NVIDIA’s speedy GPUs and Machine Learning software have unquestionably become the gold standard for building Artificial Intelligence (AI) applications. And today, NVIDIA added TenCent to their list of cloud service providers that offer access to NVIDIA hardware in their clouds for AI and other compute intensive applications. This marks a significant milestone in the global accessibility of the hardware needed to build AI applications, from drones to medical devices to automated factories and robots.
TenCent (whose Chinese name roughly translates to “Soaring Information”) is one of China’s largest Internet companies and the world’s largest gaming platform, having recently announced 2016 revenues that grew by 48% to $21.9B. Many companies, perhaps most, opt to access GPUs in the cloud instead of buying and deploying the hardware directly. AI startups alone are a big market; over 2300 investors have now funded over 1700 startups, according to data compiled by Angel List, and the vast majority of these cash-conscious firms use cloud based NVIDIA GPUs to develop their innovative products and services. The exception is the world’s largest datacenters, aka the “Super Seven” (Alibaba, Amazon, Baidu, Google, Facebook, Microsoft, and Tencent) whose server farms probably crunch proprietary machine learning algorithms with thousands, or even tens of thousands, of speedy GPUs, 100% of which bear the bright green NVIDIA logo. (Advanced Micro Devices, the “other” GPU provider, has intentions to enter this market with a Vega GPU later this year, but does not yet offer optimized AI accelerators that can compete with NVIDIA’s Pascal.)
With this announcement, NVIDIA is now able to claim that every significant cloud service provider is a customer and supplier of GPUs as a service, including Amazon, Google, IBM Softlayer, Microsoft, Allyun (Alibaba Cloud), and Nimbix. And using GPUs in the cloud is the easiest and most cost effective on-ramp to building applications that require acceleration. “There’s been very strong demand for our GPUs in the cloud with consumption models expanding quickly as the AI era takes hold,” said Ian Buck, NVIDIA VP and GM of Accelerated Computing. “Companies everywhere in the world are increasingly turning to the cloud to develop and host their most demanding workloads, particularly for deep learning, inference, high-performance computing and advanced analytics.”
But Tencent didn’t just throw a bunch of GPUs into servers and call it a day. They built custom servers that support up to 8 high-end NVIDIA Tesla P100 (Pascal) GPUs interconnected with NVLINK, the first major cloud provider to do so. While Tencent did not disclose details on the server design, it is likely that Tencent is the 1st cloud provider to adopt and deploy one of the two newly announced open chassis designs (Big Basin and HGX-1) from the Open Compute Program (OCP), designs led by Facebook and Microsoft respectively.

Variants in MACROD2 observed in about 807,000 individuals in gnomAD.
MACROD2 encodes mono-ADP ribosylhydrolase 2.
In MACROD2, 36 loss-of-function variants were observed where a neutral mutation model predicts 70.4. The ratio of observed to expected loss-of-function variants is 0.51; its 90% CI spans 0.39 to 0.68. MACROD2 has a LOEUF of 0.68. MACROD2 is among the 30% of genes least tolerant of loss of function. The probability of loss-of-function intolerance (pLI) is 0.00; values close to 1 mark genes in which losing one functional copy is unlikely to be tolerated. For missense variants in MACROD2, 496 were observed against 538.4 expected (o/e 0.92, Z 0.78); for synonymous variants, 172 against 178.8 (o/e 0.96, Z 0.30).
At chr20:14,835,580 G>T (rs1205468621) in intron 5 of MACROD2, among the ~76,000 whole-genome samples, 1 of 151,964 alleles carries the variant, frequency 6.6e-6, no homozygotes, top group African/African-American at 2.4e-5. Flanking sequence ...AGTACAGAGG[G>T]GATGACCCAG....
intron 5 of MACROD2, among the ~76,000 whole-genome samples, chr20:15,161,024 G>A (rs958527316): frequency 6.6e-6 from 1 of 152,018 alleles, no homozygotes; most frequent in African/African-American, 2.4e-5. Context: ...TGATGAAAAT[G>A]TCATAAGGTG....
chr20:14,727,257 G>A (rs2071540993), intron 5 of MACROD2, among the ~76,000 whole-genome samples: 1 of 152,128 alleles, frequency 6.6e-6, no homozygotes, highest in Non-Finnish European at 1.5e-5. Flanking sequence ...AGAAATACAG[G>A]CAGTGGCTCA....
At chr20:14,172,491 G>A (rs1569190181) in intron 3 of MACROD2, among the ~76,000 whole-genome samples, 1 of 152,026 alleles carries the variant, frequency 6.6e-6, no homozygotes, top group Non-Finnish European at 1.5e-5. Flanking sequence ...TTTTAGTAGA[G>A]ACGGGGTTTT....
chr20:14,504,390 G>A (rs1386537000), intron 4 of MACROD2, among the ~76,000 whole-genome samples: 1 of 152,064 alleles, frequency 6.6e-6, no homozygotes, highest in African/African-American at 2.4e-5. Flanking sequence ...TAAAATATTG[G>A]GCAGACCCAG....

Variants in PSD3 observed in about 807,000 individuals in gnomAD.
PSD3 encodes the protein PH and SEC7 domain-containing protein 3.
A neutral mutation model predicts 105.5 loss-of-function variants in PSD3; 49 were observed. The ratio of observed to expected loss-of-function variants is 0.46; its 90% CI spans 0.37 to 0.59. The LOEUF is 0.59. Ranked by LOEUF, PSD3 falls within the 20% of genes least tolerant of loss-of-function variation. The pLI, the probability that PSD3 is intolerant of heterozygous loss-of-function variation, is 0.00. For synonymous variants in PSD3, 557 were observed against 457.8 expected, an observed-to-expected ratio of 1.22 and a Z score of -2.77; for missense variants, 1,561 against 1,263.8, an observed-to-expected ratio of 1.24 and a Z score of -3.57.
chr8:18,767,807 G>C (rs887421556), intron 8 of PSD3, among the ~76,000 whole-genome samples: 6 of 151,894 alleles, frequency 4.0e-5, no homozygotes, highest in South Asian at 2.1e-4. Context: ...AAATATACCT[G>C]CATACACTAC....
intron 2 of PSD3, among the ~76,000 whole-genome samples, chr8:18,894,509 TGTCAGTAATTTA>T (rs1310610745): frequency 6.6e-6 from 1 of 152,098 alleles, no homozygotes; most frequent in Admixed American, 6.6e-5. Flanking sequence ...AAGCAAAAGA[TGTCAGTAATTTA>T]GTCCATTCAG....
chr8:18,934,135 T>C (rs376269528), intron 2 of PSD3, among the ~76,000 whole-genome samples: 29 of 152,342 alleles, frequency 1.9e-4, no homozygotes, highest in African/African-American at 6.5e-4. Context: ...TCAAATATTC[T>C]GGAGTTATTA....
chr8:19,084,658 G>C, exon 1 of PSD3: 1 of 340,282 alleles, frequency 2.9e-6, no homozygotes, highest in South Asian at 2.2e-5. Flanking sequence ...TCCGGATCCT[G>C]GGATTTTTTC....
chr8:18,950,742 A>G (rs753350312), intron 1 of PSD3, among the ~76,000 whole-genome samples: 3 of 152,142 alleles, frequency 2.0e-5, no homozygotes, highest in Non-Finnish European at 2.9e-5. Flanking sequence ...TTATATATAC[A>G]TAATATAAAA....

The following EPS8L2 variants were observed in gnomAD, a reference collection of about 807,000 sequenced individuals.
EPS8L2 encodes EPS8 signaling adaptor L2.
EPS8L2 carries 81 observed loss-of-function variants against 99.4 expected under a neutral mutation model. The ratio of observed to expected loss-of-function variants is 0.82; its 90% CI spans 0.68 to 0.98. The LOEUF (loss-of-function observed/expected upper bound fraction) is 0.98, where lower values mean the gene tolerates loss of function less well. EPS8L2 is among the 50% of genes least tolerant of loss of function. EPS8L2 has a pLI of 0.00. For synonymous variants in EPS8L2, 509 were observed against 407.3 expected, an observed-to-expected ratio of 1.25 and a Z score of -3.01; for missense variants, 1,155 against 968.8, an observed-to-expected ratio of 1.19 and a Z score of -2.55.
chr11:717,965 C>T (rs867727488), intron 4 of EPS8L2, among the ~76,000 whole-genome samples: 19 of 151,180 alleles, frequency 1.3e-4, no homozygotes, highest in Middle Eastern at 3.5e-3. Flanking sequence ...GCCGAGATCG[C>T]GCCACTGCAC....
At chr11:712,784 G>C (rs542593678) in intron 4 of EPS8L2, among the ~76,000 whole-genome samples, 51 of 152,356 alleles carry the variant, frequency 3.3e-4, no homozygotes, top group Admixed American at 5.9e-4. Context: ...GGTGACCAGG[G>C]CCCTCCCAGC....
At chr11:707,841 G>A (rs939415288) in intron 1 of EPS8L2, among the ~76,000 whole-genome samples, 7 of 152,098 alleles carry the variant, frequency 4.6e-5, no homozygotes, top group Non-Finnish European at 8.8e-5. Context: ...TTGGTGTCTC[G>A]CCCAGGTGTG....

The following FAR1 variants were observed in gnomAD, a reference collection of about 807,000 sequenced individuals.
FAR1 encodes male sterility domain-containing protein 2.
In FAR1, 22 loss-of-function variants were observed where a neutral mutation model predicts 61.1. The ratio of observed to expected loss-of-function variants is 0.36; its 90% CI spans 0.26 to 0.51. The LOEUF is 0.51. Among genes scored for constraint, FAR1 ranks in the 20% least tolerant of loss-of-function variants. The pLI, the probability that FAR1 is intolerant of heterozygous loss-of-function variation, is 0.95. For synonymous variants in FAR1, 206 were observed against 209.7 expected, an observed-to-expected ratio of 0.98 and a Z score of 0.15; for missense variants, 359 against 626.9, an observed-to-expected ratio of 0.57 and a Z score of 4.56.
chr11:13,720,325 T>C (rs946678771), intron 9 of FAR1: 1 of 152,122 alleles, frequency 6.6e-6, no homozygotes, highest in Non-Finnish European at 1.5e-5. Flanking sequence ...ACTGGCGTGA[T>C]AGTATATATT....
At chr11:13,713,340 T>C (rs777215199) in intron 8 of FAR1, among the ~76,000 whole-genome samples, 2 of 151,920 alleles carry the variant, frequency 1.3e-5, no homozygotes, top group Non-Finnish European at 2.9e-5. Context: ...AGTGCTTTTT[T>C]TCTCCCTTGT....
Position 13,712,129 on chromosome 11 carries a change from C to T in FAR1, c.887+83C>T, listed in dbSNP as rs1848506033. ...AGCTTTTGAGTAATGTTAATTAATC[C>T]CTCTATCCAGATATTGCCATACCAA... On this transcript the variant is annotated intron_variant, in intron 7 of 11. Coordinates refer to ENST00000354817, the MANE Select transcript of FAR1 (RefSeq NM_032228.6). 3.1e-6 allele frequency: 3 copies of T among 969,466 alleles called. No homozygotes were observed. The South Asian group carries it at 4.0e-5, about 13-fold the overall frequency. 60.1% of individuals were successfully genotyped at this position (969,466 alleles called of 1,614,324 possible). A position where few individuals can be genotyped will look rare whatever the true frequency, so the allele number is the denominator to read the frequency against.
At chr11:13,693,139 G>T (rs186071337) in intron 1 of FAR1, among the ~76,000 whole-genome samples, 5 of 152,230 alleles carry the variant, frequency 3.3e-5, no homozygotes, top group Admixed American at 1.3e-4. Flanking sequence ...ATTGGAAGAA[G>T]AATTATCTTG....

The Microsoft/NVIDIA HGX-1 GPU chassis scales up to 8 GPUs, interconnected with NVIDIA’s NVLINK technology.
It is also important to note that Tencent’s adoption of the Pascal-based P100 is one of the first cloud properties to offer access to this generation of GPU technology. Other cloud providers have kept PASCAL for their own internal development teams, only offering older Maxwell and Kepler generations as cloud accessible GPUs. I expect other cloud providers to fall quickly in line, since the Pascal architecture is now stable, available in volume, and offers a massive performance advantage over its predecessors.
The virtuous cycle of innovation in Artificial Intelligence will be built in the cloud, and not just in the USA, but especially in Asia, where Tencent-hosted NVIDIA GPUs stand to help accelerate that cycle globally, adding even more momentum to the AI flywheel. Now the rest of the world needs to catch up, or be left behind.
Patrick founded the firm based on his real-world world technology experiences with the understanding of what he wasn’t getting from analysts and consultants. Ten years later, Patrick is ranked #1 among technology industry analysts in terms of “power” (ARInsights) in “press citations” (Apollo Research). Moorhead is a contributor at Forbes and frequently appears on CNBC. He is a broad-based analyst covering a wide variety of topics including the cloud, enterprise SaaS, collaboration, client computing, and semiconductors. He has 30 years of experience including 15 years of executive experience at high tech companies (NCR, AT&T, Compaq, now HP, and AMD) leading strategy, product management, product marketing, and corporate marketing, including three industry board appointments.